Wednesday, August 5, 2015

What Does It Mean to Attempt the Impossible?

So my blog description still tells you that I'm on a journey to ride Nimo in the Old Dominion 100 Mile Endurance Ride.  At the time I wrote that description, I HAD NO IDEA what it really meant to do endurance riding.  I'd read a bunch of books that made endurance riding sound like fun and that almost any horse and rider could do the distances if they just put their minds to it.  But that isn't really true, is it?  If you are in the endurance world, you know that it takes more than a half-way decent horse and a rider who really wants to do endurance.  There is a synergy between horse and rider that must be achieved, there is endless conditioning to do, tons of equipment to fiddle with or replace until it's just right, electrolyting to figure out, rider eating and drinking to plan, and a whole host of other things that can suck the life out of the unknowing rider as she tries to just make it to a ride and God-forbid, get the horse across the finish line in one piece and without needing veterinary care.

Currently, my Facebook newsfeed is jammed with Tevis news, including the story about the older gentleman (in his 70s, I think) who won this year.  And of course, it's hard to learn about endurance riding without hearing the name Julie Suhr, who is an older lady with quite a few miles under her belt.  And there is the half-Friesian who has won a 100-mile ride (maybe even more than one).

But I think those are some special cases.  Which is why they are such big news.  The reality is that it didn't take me long to realize how impossible it is for most experienced endurance riders to even contemplate the idea of riding a purebred Friesian in a 50 mile ride, much less a 100 mile ride, much less a ride as difficult as the OD.  To the best of my knowledge, Friesians are actually unclassified when it comes to hotblood, warmblood, and coldblood status.  They are referred to as Baroque, but they aren't really even that, because few of them have the shoulder and hip angles to be good at dressage and collection.  They are heavy harness horses that are just so damn beautiful with such people-loving temperaments that we can't help ourselves but interact with them.  Yet their unclassified nature makes it hard to know how they'll handle the extreme nature of endurance riding.  And I think that makes endurance folks uncomfortable sometimes.  Especially the ones who typically ride Arabs.  And even the ones who used to ride non-Arabs, but now ride Arabs because they are so much easier.  And I have to admit it makes me uncomfortable sometimes too.  Plus, it means that I don't have many good sources of scientific information when it comes to how I manage my horse, and the weight of the knowledge that I could really screw up my horse if I make a mistake is a tough burden sometimes.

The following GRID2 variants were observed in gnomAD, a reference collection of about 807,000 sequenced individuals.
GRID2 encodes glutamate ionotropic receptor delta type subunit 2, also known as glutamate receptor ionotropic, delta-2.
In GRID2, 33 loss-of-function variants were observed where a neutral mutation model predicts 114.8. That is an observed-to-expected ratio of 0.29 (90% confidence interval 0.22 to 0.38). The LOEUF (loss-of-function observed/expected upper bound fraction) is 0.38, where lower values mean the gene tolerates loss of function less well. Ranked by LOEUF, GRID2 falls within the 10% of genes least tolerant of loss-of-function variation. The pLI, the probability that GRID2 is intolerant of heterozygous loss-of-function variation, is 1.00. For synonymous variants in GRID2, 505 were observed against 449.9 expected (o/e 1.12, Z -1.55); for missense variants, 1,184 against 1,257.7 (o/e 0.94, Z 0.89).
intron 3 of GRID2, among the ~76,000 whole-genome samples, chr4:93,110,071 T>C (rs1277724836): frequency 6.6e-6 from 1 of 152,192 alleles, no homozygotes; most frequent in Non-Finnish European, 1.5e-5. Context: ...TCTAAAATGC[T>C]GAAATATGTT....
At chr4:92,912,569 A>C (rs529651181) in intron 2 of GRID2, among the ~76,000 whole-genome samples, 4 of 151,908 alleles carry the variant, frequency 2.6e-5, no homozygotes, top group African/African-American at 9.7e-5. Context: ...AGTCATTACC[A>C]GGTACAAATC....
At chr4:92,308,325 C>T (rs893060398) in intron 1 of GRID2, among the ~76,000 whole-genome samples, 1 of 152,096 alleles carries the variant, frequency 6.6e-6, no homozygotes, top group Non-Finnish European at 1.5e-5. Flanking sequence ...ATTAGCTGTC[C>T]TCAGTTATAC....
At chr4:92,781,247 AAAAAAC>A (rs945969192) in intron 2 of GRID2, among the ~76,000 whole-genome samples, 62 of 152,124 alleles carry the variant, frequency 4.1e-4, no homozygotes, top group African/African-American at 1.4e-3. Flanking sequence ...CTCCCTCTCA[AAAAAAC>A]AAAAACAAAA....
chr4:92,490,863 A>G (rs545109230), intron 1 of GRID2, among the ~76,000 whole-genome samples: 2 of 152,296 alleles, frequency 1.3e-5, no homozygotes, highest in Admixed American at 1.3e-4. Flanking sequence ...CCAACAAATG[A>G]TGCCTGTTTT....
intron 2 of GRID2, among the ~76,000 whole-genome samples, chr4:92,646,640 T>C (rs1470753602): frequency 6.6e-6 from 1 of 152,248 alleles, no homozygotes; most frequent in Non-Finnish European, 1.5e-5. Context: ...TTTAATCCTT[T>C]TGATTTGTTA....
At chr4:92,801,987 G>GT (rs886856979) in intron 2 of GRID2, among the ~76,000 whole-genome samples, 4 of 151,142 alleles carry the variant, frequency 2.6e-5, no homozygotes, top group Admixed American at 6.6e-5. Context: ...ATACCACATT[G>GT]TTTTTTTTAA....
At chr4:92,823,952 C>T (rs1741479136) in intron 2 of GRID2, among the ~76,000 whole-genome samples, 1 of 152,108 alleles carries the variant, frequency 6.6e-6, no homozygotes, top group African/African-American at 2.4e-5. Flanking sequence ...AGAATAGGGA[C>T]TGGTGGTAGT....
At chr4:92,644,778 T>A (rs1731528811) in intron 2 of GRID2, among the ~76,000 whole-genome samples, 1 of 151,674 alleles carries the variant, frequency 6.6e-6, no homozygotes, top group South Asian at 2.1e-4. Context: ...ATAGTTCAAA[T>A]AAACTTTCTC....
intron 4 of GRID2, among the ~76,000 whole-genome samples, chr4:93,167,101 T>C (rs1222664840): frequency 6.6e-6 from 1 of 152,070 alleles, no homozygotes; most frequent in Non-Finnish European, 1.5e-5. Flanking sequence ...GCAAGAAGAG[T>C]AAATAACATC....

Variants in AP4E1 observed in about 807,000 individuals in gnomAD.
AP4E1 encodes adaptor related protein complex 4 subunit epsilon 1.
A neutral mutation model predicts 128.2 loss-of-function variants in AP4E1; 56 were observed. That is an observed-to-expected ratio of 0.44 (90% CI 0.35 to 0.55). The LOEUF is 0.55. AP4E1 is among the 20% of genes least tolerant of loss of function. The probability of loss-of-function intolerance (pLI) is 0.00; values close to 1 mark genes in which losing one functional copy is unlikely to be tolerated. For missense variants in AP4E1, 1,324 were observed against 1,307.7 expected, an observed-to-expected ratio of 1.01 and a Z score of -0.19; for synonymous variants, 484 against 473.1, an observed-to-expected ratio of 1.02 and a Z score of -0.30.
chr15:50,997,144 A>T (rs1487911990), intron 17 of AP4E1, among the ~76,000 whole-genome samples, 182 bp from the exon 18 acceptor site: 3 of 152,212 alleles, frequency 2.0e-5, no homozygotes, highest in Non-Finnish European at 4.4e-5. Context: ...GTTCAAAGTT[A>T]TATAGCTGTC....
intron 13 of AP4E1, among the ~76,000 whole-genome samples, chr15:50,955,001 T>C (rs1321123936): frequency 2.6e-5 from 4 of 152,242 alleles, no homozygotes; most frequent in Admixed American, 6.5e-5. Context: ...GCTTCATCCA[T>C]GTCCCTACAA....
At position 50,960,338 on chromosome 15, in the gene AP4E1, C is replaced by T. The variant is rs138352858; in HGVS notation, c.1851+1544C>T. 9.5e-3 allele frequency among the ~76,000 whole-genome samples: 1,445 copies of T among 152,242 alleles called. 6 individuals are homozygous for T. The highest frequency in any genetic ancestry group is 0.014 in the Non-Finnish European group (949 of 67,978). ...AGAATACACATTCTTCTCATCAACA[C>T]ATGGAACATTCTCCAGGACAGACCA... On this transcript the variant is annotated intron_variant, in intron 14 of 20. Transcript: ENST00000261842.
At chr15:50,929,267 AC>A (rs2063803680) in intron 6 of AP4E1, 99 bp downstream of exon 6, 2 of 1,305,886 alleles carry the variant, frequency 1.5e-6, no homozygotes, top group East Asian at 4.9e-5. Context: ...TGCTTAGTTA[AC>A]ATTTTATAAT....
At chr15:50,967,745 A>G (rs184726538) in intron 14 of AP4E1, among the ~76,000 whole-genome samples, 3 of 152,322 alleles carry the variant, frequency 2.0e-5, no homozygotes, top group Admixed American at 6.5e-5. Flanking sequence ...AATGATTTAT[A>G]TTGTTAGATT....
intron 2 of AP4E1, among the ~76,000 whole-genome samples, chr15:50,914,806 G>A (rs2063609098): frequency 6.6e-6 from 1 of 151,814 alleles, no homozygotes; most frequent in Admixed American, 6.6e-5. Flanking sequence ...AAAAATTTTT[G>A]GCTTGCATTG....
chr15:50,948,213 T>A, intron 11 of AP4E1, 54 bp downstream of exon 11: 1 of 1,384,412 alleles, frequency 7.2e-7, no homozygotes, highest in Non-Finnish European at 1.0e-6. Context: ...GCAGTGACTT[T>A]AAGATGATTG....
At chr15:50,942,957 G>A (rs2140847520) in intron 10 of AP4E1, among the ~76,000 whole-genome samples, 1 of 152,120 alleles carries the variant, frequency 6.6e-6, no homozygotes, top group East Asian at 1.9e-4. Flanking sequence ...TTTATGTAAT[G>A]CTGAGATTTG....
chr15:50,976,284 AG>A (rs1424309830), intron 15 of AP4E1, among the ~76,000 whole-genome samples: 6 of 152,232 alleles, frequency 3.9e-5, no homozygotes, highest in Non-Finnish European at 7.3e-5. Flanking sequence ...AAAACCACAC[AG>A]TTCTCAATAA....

For those of us who dare to ride non-Arabs, we can expect that the information that is out there is mostly going to be about Arab metabolisms and issues.  That means electrolyting protocols are mostly for Arabs (although I know there are those out there like Aarene Storms and Saiph who post about what does and doesn't work for their non-Arabs).  That means conditioning plans and advice are mostly for Arabs.  (I'll never forget the times I've read conditioning plans showing that I could get my reasonably fit horse in shape for a 30-mile ride in 6 weeks.)  That means equipment is typically Arab-sized (and I have to buy custom-made tack for my larger-than-life horse).  That means that hoof boots are Arab-sized (which means fewer options are available for bigger feet).  That means that general health care advice is about managing Arabs, with such advice as how much grass versus hay they should eat and even whether alfalfa is an appropriate choice (which means figuring out what nutrients my horse really needs is a shot in the dark).  That means reading about how to prevent girth and other tack rubs.  (I remember one endurance rider being very concerned that I'd fully bodyclipped Nimo prior to our Foxcatcher 25 ride.  She rode an Arab and that degree of clipping would have contributed to girth rubs and back issues.  Ha!  Nimo was in heaven without all his hair and has never had anything remotely like a girth rub because he has really thick, coarse hair that is very protective even when it's short.)